Cells were cultured in keratinocyte serum-free medium containing epidermal growth factor (EGF) and bovine pituitary extract (BPE) for 2 days and then keratinocyte serum-free medium alone overnight or were cultured in 10% fetal bovine serum (FBS) medium for 5 to 7 days and in 1% FBS medium overnight. Cells were then incubated with vehicle or a 10µM concentration of LY294002 for 2 hours, followed by IGF-1 or GH treatment for 15 minutes. Cell lysates were evaluated on immunoblotting. A, Dose-dependent effect of IGF-1 on Akt phosphorylation. B, IGF-1 and GH influence on the phosphorylated and total levels of Akt, forkhead box O1 (FoxO1), and extracellular signal-regulated kinase (ERK). Minus signs indicate without; plus signs, with. C, Effect of GH on the Janus kinase 2/signal transducers and activators of transcription 5 (JAK2/STAT5) pathways in meibomian gland epithelial cells and the LNCaP cancer cell line. These experiments were repeated at least 3 times with similar results.
Cells were cultured (100 000 cells/well in 12-well plates, 3 wells per group) in basal, proliferating, and/or differentiating media and treated with IGF-I for 2 to 6 days. A, Meibomian gland epithelial cell proliferation. B, Meibomian gland cell proliferation in serum-containing media for 6 days. P values are for post hoc comparison compared with the control value. C, LNCaP cells (20 000 cells/well in 12-well plates, 3 wells per group) were initially cultured in Dulbecco modified Eagle medium/Ham F-12 nutrient media mixture containing 10% fetal bovine serum (FBS), then switched to 1% FBS and exposed to IGF-1 or growth hormone (GH) for 2 days. ANOVA indicates analysis of variance; EGF-BPE, epidermal growth factor–bovine pituitary extract; KSFM, keratinocyte serum-free medium. All comparisons are with control value. Whiskers mark SEM.aP < .05 compared with the control value, post hoc test.
Cells were exposed to IGF-1 or growth hormone (GH) for 6 days in differentiation media and then processed for the analysis of the precursor form of SREBP-1 protein. A, Results of immunoblotting. B, Results of green neutral lipid staining. The red color represents 4′,6-diamidino-2-phenylindole nuclear staining. The SREBP-1 densitometry, normalized to that of β-actin, and neutral lipid staining fluorescence intensity (6 field views per treatment condition) were quantified by using image-processing software (ImageJ; http://rsb.info.nih.gov/ij). These experiments were repeated at least 3 times with similar results. ANOVA indicates analysis of variance; AU, arbitrary units. Whiskers represent SEM.aP < .01 compared with the control value, post hoc test.bP < .05 compared with the control value, post hoc test.cP < .001 compared with the control value, post hoc test.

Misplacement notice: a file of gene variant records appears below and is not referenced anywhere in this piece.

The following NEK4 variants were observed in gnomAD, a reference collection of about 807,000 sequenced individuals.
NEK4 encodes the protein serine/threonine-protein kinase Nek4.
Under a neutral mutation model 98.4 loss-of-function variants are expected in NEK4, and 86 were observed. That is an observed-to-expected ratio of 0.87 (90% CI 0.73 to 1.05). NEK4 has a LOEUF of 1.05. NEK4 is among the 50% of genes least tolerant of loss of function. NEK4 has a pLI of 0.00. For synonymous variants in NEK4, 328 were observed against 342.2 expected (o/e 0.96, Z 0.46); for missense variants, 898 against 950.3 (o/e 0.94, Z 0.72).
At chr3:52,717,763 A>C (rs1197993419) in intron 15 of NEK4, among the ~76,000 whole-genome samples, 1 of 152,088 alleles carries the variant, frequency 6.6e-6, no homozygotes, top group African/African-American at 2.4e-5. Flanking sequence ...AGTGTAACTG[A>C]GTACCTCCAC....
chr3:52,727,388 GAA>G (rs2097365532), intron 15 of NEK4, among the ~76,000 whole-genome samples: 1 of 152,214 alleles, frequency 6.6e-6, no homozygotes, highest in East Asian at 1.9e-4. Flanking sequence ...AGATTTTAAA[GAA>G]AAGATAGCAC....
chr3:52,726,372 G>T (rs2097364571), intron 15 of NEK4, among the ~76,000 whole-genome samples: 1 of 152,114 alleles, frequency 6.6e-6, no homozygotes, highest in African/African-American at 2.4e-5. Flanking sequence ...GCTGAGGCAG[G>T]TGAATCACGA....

A, Cells were cultured in medium containing 10% fetal bovine serum (FBS) for 5 days and then switched to 1% FBS medium containing various doses of anti–IGF-1R overnight, followed by IGF-1 treatment for 15 minutes. Antibody treatment inhibited the IGF-1–induced Akt phosphorylation in a dose-dependent manner. B, Cells were exposed to a 10nM concentration of IGF-1 and/or a 10nM concentration of anti–IGF-1R for 6 days in serum-containing media and then processed for green neutral lipid staining. The red color represents 4′,6-diamidino-2-phenylindole nuclear staining. The antibody reduced the IGF-1–stimulated accumulation of lipids. These experiments were repeated twice with similar results. mAb indicates monoclonal antibody.
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Ding J, Sullivan DA. The Effects of Insulin-like Growth Factor 1 and Growth Hormone on Human Meibomian Gland Epithelial Cells. JAMA Ophthalmol. 2014;132(5):593–599. doi:10.1001/jamaophthalmol.2013.8295
A phase 1 study has reported that dry eye disease is the most common adverse effect of human exposure to the antibody figitumumab, an anticancer drug that prevents insulin-like growth factor 1 (IGF-1) from binding to its receptor. We hypothesized that the mechanism underlying this effect is the inhibition of IGF-1 action in epithelial cells of the meibomian gland.
To test the hypothesis that IGF-1 stimulates meibomian gland function in vitro and to examine whether growth hormone, a closely related hormone of IGF-1, has the same effect.
Design, Setting, and Material
Immortalized human meibomian gland epithelial cells were cultured in the presence or the absence of IGF-1, growth hormone, and an IGF-1 receptor–blocking antibody. Signaling pathways, cell proliferation, neutral lipid staining, and a key protein involved in lipid biogenesis were evaluated.
Application of IGF-1 and growth hormone to human meibomian gland epithelial cells.
Main Outcomes and Measures
Immunoblotting, cell counting, and neutral lipid staining.
Insulin-like growth factor 1 activated the phosphoinositol 3-kinase/Akt and forkhead box O1 pathways (showing a dose-dependent effect on immunoblotting), stimulated cellular proliferation (about 1.8-fold increase in cell number), increased sterol regulatory element-binding protein 1 expression (about 3-fold increase on immunoblotting), and promoted lipid accumulation in human meibomian gland epithelial cells (about 2-fold increase in lipid staining). These IGF-1 actions, which may be blocked by cotreatment with the anti–IGF-1 antibody, were accompanied by inconsistent effects on extracellular signal-regulated kinase phosphorylation. We were not able to demonstrate activation of Akt, forkhead box O1, extracellular signal-regulated kinase, Janus kinase 2, or signal transducers and activators of transcription 5, induced cell proliferation, or lipid accumulation in these cells by growth hormone application.
Conclusions and Relevance
Our results support the hypothesis that IGF-1 acts on human meibomian gland epithelial cells and may explain why treatment with figitumumab, the IGF-1 inhibitor, causes dry eye disease. Ophthalmic care for dry eye disease may be needed when patients with cancer undergo treatment with drugs that inhibit IGF-1 action.